6G, Verticals, Spectrum, Future Internet

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Do we need a new Internet architecture for 6G?

The Internet’s original designers never foresaw that the academic and military research network they created would one day bear the burden of carrying all the world’s communications and commerce. There was no one central control point and its designers wanted to make it possible for every network to exchange data with every other network. Little attention was given to mobility and security. Since then, there have been immense efforts to bolt on security and mobility.  The mobile Internet, for which IP was never designed, continues to grow exponentially. It is already dwarfing the “traditional” IP traffic and is set to accelerate super-exponentially with the emergence of 5G and IoT. The ongoing COVID-19 pandemic has reminded us of how critical the Internet has become for the functioning of our societies.  At the same time it has also exposed some of its shortcomings[1], in terms of reliability and lack of deterministic service provision, security and scalability, especially when it is used as the communication infrastructure to enable remote working, remote education, remote manufacturing etc. These limitations are also now hampering (rather than accelerating full digitalisation industries and society.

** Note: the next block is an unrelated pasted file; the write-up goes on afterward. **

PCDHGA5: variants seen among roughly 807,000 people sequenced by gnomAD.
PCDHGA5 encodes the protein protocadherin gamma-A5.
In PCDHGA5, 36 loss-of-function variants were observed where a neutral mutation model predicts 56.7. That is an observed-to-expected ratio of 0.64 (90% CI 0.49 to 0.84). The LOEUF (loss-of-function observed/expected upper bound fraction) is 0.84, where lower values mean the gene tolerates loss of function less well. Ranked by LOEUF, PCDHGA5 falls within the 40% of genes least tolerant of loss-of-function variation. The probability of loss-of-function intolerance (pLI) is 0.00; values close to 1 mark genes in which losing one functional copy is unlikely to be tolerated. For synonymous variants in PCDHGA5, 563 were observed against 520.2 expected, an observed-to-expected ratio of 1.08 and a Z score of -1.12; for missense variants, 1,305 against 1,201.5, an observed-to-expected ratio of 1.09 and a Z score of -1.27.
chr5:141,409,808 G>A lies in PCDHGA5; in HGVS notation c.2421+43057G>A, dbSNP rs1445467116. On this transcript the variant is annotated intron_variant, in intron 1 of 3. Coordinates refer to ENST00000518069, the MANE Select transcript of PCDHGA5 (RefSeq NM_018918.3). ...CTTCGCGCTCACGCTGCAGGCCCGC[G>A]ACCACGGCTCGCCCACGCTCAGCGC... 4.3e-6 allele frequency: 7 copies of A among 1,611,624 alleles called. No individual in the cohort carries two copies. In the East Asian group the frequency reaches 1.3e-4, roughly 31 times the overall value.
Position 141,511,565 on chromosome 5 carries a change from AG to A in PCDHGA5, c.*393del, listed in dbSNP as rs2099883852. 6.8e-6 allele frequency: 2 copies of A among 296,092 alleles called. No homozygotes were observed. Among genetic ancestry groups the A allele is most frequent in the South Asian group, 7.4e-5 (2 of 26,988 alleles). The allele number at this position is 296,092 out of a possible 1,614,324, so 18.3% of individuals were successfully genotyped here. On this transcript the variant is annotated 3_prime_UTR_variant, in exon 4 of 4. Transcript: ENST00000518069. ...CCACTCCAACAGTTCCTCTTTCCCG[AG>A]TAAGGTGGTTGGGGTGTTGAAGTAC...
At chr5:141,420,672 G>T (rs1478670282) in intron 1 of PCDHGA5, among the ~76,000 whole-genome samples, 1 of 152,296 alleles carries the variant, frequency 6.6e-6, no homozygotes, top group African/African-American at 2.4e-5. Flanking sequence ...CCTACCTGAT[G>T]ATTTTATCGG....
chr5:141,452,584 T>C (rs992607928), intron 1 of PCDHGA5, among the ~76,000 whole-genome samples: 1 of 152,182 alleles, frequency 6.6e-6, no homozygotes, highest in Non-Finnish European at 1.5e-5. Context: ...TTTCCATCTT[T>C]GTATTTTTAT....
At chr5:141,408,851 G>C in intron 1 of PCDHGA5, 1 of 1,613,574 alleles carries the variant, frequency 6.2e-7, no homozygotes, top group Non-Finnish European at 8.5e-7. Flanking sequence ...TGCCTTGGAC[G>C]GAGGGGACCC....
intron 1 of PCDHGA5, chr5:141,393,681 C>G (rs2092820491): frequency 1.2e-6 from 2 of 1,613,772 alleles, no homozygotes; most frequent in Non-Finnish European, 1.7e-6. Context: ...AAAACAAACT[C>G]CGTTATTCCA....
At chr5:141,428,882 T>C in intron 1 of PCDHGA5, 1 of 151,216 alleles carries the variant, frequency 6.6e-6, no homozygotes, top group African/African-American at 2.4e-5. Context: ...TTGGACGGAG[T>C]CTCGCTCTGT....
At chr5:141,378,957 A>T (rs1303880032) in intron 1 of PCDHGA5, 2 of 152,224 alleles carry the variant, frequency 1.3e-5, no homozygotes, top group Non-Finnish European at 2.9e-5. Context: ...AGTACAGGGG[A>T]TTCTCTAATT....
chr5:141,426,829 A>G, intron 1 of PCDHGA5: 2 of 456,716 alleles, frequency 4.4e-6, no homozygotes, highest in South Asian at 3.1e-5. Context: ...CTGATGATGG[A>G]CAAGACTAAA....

So far the vast effort of  telecom and IT  engineers, and vast investments by industry and governments alike,  have been spent on patching this looming crisis of the Internet spurred by security[2], privacy and  the exponential rise of mobile connectivity, rather than the redesign of  the IP infrastructure, protocols and policies.  In this discussion paper we highlight key challenges for current Internet architecture and protocols. We arguing that the defending the  status quo will be the death of Internet as we know it, but there is an path, currently being pursued by several initiative across the world, towards accelerated evolution and redesign that will lead to an evolved Internet fit for 21st century.

[1] Andrew Lippmann and Hossein Moiin, “Lessons of a Pandemic for a Connected World”, MIT Media Lab, May 4 2020


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